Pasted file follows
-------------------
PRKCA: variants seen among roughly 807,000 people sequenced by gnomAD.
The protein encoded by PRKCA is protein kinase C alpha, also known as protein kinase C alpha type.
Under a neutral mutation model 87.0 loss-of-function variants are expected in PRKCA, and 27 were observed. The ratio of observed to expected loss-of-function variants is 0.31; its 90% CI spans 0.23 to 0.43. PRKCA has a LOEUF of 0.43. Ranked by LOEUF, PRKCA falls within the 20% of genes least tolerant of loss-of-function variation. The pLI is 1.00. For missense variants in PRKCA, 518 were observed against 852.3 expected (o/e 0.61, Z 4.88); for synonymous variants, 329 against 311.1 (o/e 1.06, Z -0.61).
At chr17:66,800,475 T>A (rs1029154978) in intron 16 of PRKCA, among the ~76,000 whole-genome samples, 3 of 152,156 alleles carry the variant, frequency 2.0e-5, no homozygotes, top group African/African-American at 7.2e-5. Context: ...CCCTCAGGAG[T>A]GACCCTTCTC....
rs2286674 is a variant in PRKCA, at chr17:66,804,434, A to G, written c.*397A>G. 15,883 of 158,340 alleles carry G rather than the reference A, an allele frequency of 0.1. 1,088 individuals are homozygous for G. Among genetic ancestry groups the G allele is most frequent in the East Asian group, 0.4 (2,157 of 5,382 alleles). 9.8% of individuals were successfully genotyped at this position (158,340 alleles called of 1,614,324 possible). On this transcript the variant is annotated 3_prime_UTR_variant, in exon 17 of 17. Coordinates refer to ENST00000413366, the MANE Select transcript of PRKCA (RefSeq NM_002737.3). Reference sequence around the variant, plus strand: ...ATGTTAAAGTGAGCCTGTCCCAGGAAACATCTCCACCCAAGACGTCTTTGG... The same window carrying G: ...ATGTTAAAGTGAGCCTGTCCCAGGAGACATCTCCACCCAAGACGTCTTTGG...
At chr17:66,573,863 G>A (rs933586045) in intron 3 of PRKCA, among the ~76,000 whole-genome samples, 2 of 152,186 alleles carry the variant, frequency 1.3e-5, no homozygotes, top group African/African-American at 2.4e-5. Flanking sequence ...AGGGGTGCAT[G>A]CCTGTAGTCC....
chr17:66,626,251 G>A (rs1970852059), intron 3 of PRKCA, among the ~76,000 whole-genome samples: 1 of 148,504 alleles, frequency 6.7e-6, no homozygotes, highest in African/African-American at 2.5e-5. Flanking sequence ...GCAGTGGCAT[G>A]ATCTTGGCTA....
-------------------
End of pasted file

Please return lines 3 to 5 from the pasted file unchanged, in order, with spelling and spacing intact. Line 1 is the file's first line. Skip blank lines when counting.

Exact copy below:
Under a neutral mutation model 87.0 loss-of-function variants are expected in PRKCA, and 27 were observed. The ratio of observed to expected loss-of-function variants is 0.31; its 90% CI spans 0.23 to 0.43. PRKCA has a LOEUF of 0.43. Ranked by LOEUF, PRKCA falls within the 20% of genes least tolerant of loss-of-function variation. The pLI is 1.00. For missense variants in PRKCA, 518 were observed against 852.3 expected (o/e 0.61, Z 4.88); for synonymous variants, 329 against 311.1 (o/e 1.06, Z -0.61).
At chr17:66,800,475 T>A (rs1029154978) in intron 16 of PRKCA, among the ~76,000 whole-genome samples, 3 of 152,156 alleles carry the variant, frequency 2.0e-5, no homozygotes, top group African/African-American at 7.2e-5. Context: ...CCCTCAGGAG[T>A]GACCCTTCTC....
rs2286674 is a variant in PRKCA, at chr17:66,804,434, A to G, written c.*397A>G. 15,883 of 158,340 alleles carry G rather than the reference A, an allele frequency of 0.1. 1,088 individuals are homozygous for G. Among genetic ancestry groups the G allele is most frequent in the East Asian group, 0.4 (2,157 of 5,382 alleles). 9.8% of individuals were successfully genotyped at this position (158,340 alleles called of 1,614,324 possible). On this transcript the variant is annotated 3_prime_UTR_variant, in exon 17 of 17. Coordinates refer to ENST00000413366, the MANE Select transcript of PRKCA (RefSeq NM_002737.3). Reference sequence around the variant, plus strand: ...ATGTTAAAGTGAGCCTGTCCCAGGAAACATCTCCACCCAAGACGTCTTTGG... The same window carrying G: ...ATGTTAAAGTGAGCCTGTCCCAGGAGACATCTCCACCCAAGACGTCTTTGG...